Never open an attachment unless you are expecting someone to send you an attachment.
Today's viruses have the ability to "spoof" the "From" and "Subject" fields of an e-mail message which prevents you from knowing who really sent you the virus or the content of the e-mail. A virus goes into the address book of the newly infected computer, grabs an e-mail address at random and puts it in the "from field" of a new message. It then attaches a virus to the message, and sends the message to everyone in the e-mail address book of the newly infected computer. There is no telling who sent you the virus. Familiar names are now a dangerous decoy, luring you into a false sense of security and tempting you to open infected e-mail.
If you are receiving e-mail from people, servers, or auto responders and you did not send an e-mail to generate a response, someone who has your e-mail address in their e-mail address book has been infected by a virus and your name was selected at random and placed in the "From" field of the e-mail launched from their infected computer. The e-mail sent from their computer triggered the response which is being sent not to the person who sent the e-mail, but to the person in the "From" field.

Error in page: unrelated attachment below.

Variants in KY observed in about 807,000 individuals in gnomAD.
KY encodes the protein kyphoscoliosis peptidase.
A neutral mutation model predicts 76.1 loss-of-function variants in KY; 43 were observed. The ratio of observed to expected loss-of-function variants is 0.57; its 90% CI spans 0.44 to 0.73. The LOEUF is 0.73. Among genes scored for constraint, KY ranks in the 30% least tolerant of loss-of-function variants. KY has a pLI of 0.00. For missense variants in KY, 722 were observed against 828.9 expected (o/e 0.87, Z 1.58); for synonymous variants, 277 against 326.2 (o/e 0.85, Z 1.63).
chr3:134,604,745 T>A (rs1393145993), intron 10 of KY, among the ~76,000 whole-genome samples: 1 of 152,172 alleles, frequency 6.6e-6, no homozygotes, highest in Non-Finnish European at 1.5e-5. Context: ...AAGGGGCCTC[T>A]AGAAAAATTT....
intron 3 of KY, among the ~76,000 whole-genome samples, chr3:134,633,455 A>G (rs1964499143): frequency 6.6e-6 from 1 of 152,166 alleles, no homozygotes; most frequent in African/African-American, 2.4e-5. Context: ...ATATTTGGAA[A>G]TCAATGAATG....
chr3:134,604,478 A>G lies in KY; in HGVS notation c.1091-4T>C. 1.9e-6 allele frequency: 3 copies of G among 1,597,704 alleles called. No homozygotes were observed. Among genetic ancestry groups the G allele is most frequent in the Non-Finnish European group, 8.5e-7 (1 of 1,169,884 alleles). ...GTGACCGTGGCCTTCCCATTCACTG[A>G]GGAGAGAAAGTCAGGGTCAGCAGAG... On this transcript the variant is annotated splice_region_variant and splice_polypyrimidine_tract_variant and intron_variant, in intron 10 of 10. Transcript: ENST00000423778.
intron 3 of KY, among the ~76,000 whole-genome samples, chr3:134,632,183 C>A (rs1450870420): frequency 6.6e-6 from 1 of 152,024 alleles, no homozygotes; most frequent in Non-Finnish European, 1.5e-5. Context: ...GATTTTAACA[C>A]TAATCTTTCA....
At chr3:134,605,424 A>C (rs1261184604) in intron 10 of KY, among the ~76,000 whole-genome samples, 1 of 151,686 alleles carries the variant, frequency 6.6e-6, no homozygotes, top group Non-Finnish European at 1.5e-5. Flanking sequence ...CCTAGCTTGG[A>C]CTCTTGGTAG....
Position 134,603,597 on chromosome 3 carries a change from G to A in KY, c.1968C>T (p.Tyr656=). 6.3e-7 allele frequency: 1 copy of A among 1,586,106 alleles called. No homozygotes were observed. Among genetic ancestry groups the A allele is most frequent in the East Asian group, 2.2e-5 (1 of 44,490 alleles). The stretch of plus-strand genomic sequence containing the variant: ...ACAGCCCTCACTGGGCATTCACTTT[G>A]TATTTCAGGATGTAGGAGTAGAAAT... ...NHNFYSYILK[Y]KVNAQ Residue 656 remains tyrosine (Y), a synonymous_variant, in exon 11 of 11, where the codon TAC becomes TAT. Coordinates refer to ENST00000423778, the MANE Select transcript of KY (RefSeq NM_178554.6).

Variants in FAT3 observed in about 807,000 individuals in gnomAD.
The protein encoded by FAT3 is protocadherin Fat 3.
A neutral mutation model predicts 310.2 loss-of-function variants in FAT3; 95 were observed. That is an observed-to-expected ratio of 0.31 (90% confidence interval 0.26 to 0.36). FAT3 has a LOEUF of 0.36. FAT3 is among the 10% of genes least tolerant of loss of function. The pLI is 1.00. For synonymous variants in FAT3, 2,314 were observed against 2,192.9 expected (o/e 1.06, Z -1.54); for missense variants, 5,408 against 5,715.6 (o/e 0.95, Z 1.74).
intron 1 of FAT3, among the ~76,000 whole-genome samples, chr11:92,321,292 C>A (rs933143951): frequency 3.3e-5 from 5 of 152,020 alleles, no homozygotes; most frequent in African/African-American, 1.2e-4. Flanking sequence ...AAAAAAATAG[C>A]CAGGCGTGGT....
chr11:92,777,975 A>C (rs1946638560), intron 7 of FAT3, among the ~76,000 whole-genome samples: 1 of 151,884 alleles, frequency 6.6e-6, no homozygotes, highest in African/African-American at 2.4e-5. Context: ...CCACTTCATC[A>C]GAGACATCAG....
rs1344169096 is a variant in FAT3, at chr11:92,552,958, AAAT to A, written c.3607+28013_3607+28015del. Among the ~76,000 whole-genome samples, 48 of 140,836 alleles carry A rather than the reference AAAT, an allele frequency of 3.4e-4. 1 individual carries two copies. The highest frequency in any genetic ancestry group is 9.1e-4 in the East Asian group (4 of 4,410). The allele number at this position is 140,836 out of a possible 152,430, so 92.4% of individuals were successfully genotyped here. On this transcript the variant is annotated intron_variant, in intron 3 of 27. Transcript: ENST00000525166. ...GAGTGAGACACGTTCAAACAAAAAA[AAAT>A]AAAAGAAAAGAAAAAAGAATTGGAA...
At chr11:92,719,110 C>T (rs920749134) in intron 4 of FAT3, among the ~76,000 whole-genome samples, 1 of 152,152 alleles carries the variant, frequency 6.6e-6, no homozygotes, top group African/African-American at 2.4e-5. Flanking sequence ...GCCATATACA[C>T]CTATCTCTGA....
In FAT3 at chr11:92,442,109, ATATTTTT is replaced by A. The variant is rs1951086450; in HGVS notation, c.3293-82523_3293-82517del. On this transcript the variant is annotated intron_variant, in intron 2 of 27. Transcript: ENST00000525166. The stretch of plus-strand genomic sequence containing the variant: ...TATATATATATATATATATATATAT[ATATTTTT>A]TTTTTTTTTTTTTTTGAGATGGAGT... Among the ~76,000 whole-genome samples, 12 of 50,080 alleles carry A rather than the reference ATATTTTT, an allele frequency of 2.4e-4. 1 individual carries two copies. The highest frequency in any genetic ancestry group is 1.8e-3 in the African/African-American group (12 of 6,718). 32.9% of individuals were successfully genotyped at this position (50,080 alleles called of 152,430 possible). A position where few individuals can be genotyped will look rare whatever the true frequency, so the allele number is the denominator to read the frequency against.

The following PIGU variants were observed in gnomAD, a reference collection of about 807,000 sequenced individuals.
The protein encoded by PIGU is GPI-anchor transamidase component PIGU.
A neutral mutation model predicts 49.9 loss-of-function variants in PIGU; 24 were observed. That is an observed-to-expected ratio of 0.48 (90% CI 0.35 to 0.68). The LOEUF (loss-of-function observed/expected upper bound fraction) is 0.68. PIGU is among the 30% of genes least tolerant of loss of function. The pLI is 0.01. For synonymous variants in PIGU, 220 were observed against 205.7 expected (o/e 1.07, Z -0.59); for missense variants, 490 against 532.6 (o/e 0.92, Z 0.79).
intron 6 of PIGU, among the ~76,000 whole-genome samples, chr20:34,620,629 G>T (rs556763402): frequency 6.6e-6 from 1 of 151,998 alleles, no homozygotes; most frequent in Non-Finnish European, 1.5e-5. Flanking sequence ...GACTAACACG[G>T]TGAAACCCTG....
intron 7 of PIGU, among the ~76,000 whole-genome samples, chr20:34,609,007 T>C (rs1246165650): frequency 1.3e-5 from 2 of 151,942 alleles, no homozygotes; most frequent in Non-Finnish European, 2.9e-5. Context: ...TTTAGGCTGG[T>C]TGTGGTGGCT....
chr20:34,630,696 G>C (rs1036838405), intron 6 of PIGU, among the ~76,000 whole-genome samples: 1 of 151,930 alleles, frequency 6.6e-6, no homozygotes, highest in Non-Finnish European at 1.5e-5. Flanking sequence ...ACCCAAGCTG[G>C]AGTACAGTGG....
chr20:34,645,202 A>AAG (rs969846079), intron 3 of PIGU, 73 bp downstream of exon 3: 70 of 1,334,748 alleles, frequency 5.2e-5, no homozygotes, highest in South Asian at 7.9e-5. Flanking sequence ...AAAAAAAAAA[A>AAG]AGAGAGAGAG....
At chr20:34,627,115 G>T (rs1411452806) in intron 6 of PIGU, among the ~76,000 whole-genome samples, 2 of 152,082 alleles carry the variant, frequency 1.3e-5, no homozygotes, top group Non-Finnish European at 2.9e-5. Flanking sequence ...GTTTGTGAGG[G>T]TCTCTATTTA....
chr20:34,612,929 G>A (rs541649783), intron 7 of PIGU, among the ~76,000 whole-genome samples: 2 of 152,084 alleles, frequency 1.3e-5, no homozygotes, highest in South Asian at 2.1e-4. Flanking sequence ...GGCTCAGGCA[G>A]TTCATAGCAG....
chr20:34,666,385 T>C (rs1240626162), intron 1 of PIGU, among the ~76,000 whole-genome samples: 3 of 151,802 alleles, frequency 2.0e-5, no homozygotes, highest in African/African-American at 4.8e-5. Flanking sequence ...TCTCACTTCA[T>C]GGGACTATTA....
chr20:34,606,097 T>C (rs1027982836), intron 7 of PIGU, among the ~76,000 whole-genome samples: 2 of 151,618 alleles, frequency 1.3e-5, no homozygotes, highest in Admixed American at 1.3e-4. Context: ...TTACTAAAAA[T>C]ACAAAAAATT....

There is nothing you can do to prevent the above, but you can protect yourself. Keep your virus protection software updated with the latest virus definitions. I have my computer set to scan on a regular basis and use the "Live Update" feature of my Norton Anti virus software. Run a complete virus scan if you ever suspect that you have a virus.
If your e-mail address is in the e-mail address books of others, there is a good chance that someday your e-mail address will appear in the "From" field of an infected e-mail and some of the recipients who do not understand the nature of today's e-mail viruses will think you sent them a virus. You can also count on receiving lots of e-mail you didn't ask for since your name appeared in the from field.